‘We can’t abandon them’: Senators urge more language, mental health supports for Syrian refugees

Sensible set of recommendations:

One year after the first wave of Syrian refugees arrived in Canada, the Senate’s committee on human rights is urging the federal government to boost language training, mental health services and financial supports to ease the next phase of the resettlement process.

Releasing a report called “Finding Refuge in Canada: A Syrian Resettlement Story,” committee chair Jim Munson said while the program has been a Canadian success story, the government and citizens must not be complacent.

“We can’t abandon them. We can’t let indifference set in. We need to do more to help them in their next resettlement steps,” he said during a news conference in Ottawa Tuesday.

The report recommends:

  • The minister of immigration, refugees and citizenship set and meet specific standards for processing times.

  • Improving the flow of information to refugees on the status of applications.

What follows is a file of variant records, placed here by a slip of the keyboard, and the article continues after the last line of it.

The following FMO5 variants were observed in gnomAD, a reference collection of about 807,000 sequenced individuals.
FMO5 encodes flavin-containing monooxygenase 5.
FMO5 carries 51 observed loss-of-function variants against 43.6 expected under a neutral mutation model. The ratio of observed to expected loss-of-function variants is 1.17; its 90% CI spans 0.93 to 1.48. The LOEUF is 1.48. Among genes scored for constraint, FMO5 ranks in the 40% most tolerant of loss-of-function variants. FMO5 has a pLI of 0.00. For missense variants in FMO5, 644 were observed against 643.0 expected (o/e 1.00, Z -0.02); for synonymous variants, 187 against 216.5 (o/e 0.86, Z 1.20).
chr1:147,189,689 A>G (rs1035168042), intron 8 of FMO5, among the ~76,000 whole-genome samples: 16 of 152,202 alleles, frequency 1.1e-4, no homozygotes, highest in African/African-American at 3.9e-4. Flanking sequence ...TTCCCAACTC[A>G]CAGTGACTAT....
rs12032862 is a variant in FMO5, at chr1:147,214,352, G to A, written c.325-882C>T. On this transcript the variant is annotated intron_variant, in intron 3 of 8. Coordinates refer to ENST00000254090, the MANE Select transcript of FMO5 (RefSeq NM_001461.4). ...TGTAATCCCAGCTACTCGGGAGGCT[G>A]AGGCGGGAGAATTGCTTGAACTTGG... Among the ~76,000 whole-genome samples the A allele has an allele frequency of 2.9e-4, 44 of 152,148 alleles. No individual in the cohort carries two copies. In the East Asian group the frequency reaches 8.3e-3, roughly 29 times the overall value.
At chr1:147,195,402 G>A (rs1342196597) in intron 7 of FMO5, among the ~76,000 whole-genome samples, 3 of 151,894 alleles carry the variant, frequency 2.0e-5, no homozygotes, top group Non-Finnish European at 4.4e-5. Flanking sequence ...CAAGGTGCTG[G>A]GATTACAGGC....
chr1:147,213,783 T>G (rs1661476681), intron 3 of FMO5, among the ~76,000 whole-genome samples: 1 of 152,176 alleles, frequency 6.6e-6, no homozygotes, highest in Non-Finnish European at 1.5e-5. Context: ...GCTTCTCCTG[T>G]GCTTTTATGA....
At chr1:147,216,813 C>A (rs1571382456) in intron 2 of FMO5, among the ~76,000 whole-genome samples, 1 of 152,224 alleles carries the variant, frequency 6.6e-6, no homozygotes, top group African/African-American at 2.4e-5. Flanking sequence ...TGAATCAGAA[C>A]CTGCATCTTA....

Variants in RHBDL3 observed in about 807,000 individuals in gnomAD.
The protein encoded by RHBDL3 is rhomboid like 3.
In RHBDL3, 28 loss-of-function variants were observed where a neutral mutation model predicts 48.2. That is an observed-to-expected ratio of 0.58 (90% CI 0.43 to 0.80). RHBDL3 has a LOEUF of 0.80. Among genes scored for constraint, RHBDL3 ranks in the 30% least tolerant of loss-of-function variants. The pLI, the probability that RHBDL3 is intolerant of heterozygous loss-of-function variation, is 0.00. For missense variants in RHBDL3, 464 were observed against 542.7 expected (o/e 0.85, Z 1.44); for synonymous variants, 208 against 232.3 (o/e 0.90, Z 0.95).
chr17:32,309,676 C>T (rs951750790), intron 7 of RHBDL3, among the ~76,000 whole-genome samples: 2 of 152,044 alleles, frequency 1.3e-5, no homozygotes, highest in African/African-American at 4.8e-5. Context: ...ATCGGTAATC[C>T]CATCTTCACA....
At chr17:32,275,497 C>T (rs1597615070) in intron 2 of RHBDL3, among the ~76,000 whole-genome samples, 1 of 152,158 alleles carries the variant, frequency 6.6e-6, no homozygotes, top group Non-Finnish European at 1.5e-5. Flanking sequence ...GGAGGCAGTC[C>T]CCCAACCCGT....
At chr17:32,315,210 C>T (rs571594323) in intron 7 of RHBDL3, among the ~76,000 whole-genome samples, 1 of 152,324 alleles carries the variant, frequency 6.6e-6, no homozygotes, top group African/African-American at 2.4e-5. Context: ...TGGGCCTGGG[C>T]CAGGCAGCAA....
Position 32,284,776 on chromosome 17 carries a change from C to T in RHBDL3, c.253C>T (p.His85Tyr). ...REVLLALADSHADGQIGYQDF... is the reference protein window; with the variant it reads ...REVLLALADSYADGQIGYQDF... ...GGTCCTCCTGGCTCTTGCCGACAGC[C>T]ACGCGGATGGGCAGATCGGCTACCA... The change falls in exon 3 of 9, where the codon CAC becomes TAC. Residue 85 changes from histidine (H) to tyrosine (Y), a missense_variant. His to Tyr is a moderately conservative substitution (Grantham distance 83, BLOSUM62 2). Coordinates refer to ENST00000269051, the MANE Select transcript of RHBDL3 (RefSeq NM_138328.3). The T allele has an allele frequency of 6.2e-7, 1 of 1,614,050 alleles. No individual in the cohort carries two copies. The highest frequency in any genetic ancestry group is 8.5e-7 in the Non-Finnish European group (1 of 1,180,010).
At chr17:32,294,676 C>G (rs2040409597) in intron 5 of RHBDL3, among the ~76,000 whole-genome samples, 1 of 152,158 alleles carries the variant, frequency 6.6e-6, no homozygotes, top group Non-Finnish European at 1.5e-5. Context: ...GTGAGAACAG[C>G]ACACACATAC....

• Connecting refugees with networks of supportive individuals in their communities.

  • Ensuring the Canada Revenue Agency (CRA) maintain timely processing for disbursement of the Canada Child Benefit.

  • Replacing immigration loans for transportation expenses with a grant.

  • Increasing funds for language training, and providing accompanying child care to improve access for women.

  • Working with provinces, territories and community groups to enhance programming for youth.

  • Improving culturally appropriate mental health programs.

  • Identifying possible changes to facilitate timely family reunification.

Source: ‘We can’t abandon them’: Senators urge more language, mental health supports for Syrian refugees – Politics – CBC News

And The Globe has a good profile of how some schools are integrating Syrian refugee kids:

 Finding sanctuary: Why education is challenging but crucial for Syrian refugees 

About Andrew
Andrew blogs and tweets public policy issues, particularly the relationship between the political and bureaucratic levels, citizenship and multiculturalism. His latest book, Policy Arrogance or Innocent Bias, recounts his experience as a senior public servant in this area.

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